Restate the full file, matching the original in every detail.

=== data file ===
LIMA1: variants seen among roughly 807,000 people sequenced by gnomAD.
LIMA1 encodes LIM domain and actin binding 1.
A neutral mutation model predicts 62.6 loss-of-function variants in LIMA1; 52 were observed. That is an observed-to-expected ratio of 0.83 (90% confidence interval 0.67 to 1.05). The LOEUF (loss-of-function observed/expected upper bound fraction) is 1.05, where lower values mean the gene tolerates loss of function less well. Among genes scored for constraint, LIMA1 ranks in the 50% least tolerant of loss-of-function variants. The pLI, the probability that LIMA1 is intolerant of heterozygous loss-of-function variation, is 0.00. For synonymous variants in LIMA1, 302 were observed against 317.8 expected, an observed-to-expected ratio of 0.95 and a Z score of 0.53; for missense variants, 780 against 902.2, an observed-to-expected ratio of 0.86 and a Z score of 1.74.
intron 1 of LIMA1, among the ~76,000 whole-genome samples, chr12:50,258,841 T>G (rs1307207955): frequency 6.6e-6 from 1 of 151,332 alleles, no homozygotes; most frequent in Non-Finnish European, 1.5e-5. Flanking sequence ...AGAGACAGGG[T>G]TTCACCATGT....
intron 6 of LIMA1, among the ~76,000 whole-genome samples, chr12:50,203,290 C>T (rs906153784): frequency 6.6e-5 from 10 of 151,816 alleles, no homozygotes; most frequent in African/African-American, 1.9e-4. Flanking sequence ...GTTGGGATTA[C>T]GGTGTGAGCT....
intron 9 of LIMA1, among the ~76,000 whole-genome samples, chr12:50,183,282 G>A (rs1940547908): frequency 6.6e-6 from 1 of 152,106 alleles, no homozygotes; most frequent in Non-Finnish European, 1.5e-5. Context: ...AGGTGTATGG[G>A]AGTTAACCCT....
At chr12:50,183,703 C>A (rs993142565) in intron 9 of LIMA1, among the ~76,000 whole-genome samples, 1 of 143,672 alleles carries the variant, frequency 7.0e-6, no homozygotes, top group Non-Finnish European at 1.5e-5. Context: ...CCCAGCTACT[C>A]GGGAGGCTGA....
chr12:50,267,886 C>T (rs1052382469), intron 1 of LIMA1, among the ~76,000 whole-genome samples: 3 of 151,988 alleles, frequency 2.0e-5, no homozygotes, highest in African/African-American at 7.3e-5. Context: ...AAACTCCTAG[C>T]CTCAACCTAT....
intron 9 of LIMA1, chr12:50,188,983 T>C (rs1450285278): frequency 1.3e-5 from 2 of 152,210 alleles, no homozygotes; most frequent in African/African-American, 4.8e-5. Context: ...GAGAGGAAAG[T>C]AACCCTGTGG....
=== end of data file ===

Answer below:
LIMA1: variants seen among roughly 807,000 people sequenced by gnomAD.
LIMA1 encodes LIM domain and actin binding 1.
A neutral mutation model predicts 62.6 loss-of-function variants in LIMA1; 52 were observed. That is an observed-to-expected ratio of 0.83 (90% confidence interval 0.67 to 1.05). The LOEUF (loss-of-function observed/expected upper bound fraction) is 1.05, where lower values mean the gene tolerates loss of function less well. Among genes scored for constraint, LIMA1 ranks in the 50% least tolerant of loss-of-function variants. The pLI, the probability that LIMA1 is intolerant of heterozygous loss-of-function variation, is 0.00. For synonymous variants in LIMA1, 302 were observed against 317.8 expected, an observed-to-expected ratio of 0.95 and a Z score of 0.53; for missense variants, 780 against 902.2, an observed-to-expected ratio of 0.86 and a Z score of 1.74.
intron 1 of LIMA1, among the ~76,000 whole-genome samples, chr12:50,258,841 T>G (rs1307207955): frequency 6.6e-6 from 1 of 151,332 alleles, no homozygotes; most frequent in Non-Finnish European, 1.5e-5. Flanking sequence ...AGAGACAGGG[T>G]TTCACCATGT....
intron 6 of LIMA1, among the ~76,000 whole-genome samples, chr12:50,203,290 C>T (rs906153784): frequency 6.6e-5 from 10 of 151,816 alleles, no homozygotes; most frequent in African/African-American, 1.9e-4. Flanking sequence ...GTTGGGATTA[C>T]GGTGTGAGCT....
intron 9 of LIMA1, among the ~76,000 whole-genome samples, chr12:50,183,282 G>A (rs1940547908): frequency 6.6e-6 from 1 of 152,106 alleles, no homozygotes; most frequent in Non-Finnish European, 1.5e-5. Context: ...AGGTGTATGG[G>A]AGTTAACCCT....
At chr12:50,183,703 C>A (rs993142565) in intron 9 of LIMA1, among the ~76,000 whole-genome samples, 1 of 143,672 alleles carries the variant, frequency 7.0e-6, no homozygotes, top group Non-Finnish European at 1.5e-5. Context: ...CCCAGCTACT[C>A]GGGAGGCTGA....
chr12:50,267,886 C>T (rs1052382469), intron 1 of LIMA1, among the ~76,000 whole-genome samples: 3 of 151,988 alleles, frequency 2.0e-5, no homozygotes, highest in African/African-American at 7.3e-5. Context: ...AAACTCCTAG[C>T]CTCAACCTAT....
intron 9 of LIMA1, chr12:50,188,983 T>C (rs1450285278): frequency 1.3e-5 from 2 of 152,210 alleles, no homozygotes; most frequent in African/African-American, 4.8e-5. Context: ...GAGAGGAAAG[T>C]AACCCTGTGG....